There were some great quotes in the book, and I’m going to share some of my favourites here below:
Great Quotes A Wealth of Common Sense
“In sports they say you can’t control your talent but you can control your effort. In the investing world, you can’t control the markets, but you can control your emotion.”
“The bulk of portfolio growth in the first two decades of investing will come from how much money you save.”
“The only benchmark that matters is achieving your personal goals, not beating the market.”
“What draws most people in terms of financial advice is a sense of authority and confidence.”
In finding a financial advisor, most people preferred the most confident appearing financial advisor-“extreme, overconfident predictions as opposed to those who were more levelheaded.”
“Financial advisors are managing investors rather than investment managers. They are also there to manage your emotions.”
“Outsource to a financial advisor if you don’t have the time, expertise, or emotional control to implement an ongoing financial plan.”
“Saving money will always trump the best investment strategy”
What I liked about A Wealth of Common Sense
One thing I really liked about A Wealth of Common Sense is that he emphasized that the only benchmark that should matter to you is achieving your own personal goals, and not beating the market.
I like this because it provides some validation since I have not been beating the S&P500 index (or even remotely close) since I have exposure to the TSX, bonds, etc. and not just the S&P500.
Also, he states that investing essentially boils down to ‘regret minimization’ which I think is very true.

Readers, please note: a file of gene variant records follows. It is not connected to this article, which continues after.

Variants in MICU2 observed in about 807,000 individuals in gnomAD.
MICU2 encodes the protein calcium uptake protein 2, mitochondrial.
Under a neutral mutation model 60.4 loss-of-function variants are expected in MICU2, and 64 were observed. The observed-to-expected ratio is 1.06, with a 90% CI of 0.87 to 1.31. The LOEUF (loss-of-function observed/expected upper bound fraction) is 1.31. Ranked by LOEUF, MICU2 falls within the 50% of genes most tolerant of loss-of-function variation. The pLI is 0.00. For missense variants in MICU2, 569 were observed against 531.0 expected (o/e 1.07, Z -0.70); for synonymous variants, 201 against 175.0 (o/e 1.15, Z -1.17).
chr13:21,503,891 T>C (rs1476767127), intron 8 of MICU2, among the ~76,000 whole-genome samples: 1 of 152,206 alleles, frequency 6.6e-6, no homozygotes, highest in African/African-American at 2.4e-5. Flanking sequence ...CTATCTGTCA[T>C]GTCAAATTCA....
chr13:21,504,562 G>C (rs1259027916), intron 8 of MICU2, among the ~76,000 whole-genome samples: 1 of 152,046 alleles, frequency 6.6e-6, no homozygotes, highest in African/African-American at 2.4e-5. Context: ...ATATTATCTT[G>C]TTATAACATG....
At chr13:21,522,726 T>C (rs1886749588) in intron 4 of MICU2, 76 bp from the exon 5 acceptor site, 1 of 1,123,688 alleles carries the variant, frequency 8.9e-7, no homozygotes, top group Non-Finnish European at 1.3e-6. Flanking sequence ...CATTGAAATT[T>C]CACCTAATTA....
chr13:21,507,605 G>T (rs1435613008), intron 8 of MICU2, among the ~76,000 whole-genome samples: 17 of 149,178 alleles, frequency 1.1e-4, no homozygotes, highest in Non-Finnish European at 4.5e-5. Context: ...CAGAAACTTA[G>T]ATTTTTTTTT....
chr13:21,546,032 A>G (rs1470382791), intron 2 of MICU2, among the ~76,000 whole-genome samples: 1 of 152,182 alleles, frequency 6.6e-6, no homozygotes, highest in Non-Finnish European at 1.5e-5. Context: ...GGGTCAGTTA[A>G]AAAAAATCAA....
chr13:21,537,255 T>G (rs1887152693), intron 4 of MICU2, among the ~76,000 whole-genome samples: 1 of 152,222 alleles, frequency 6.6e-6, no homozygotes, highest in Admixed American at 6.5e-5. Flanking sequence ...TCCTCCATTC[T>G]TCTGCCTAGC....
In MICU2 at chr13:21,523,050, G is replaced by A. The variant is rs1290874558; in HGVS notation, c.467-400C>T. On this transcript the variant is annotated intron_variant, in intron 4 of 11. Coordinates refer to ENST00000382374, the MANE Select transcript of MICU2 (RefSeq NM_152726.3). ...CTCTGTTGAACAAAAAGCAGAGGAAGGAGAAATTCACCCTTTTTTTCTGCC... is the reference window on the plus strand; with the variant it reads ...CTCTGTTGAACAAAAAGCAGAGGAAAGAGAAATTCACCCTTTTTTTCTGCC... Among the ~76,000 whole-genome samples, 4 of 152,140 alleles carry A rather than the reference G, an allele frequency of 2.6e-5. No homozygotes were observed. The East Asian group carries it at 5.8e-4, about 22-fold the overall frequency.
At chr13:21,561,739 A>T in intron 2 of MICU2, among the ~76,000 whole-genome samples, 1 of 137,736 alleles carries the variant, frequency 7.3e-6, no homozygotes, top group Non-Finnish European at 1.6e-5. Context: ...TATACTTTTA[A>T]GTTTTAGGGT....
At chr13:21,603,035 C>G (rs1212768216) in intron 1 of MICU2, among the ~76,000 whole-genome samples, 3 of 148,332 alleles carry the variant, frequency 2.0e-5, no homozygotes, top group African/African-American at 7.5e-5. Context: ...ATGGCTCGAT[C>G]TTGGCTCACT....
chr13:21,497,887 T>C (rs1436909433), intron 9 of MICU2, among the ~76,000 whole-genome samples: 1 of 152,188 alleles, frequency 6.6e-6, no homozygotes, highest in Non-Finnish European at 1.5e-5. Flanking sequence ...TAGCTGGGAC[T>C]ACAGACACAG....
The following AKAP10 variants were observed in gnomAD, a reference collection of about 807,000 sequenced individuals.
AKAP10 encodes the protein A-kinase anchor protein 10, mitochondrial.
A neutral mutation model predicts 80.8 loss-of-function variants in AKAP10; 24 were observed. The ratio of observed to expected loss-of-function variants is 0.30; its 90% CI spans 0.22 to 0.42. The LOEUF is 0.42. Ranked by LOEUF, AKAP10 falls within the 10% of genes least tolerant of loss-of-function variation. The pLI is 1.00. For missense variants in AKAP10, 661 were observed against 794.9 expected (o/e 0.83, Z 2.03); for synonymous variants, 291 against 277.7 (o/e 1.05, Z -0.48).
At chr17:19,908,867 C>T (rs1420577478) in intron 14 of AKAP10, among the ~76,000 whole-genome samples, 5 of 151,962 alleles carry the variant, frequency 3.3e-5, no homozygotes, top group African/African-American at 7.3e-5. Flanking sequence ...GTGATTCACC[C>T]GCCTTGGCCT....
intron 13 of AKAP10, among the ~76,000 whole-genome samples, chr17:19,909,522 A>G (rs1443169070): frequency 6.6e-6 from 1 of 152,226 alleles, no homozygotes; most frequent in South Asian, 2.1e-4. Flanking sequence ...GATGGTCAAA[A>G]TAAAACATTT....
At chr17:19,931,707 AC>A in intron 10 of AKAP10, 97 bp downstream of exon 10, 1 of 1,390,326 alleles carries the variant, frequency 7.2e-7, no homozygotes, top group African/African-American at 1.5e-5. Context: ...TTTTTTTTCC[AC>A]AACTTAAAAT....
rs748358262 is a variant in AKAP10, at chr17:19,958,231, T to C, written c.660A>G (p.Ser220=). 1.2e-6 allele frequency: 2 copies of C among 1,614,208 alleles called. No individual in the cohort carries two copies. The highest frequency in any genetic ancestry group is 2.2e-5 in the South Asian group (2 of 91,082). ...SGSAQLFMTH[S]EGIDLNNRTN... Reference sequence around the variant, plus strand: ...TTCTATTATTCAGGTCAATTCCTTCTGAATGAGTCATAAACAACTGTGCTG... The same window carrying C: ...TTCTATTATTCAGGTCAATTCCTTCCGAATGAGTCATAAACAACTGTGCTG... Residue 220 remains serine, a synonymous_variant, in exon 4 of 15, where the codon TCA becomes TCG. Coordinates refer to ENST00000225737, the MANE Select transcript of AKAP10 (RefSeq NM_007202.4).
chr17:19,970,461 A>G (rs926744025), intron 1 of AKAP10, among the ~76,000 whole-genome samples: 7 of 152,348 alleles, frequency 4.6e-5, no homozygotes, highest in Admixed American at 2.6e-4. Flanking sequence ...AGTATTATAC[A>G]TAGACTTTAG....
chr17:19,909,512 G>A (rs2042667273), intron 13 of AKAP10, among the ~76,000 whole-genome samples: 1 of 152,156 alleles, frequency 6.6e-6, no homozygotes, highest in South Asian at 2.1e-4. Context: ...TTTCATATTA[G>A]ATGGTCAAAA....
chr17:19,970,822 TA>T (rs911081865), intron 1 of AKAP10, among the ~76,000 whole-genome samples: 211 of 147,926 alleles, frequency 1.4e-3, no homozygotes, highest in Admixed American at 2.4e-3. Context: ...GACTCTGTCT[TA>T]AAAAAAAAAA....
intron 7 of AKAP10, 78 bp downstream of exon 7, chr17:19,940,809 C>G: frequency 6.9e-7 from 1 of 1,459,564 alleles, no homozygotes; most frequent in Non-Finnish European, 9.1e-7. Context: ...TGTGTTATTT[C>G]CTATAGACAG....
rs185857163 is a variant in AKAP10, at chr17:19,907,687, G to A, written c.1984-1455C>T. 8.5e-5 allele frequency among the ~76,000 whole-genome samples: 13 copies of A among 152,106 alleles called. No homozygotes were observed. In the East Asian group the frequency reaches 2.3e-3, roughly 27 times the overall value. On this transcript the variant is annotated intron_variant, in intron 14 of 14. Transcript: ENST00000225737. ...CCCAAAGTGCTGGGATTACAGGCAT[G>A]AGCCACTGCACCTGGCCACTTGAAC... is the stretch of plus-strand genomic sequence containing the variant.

I also liked that he had footnotes, data, and charts to back up his claims.
At the end of the book, Ben Carlson distills the essentials of investing into some very simple steps with actionable steps. One of which is where he asks you to look in the mirror. If you don’t see Warren Buffett don’t attempt to have the same performance he has earned over the years, but instead work on emulating his emotional intelligence and long term outlook.
What I Didn’t Like About a Wealth of Common Sense
Really there was nothing other than the high price (the physical copy of the book is like quite expensive). It was an easy read and gives you a boost of confidence to go back in there and ‘keep calm and invest on’ so to speak.
Hope you enjoyed my A Wealth of Common Sense book review! I would definitely recommend this to someone who is interested in investing. This further validates that keeping your portfolio simple is important.
Stick with low cost funds and keep investing, keep being disciplined.
For further investing realted reading, here are some of the best dividend investing books.
Have you read A Wealth of Common Sense by Ben Carlson?
What’s your Wealth of Common Sense book review?
GYM is a 30 something millennial interested in achieving financial freedom through disciplined saving, dividend and ETF investing, and living a minimalist lifestyle. Before you go, check out my recommendations page of financial tools I use to save and invest money. Don’t forget to subscribe for blog updates, a free dividend yield spreadsheet, and the free Young Money Bootcamp eCourse.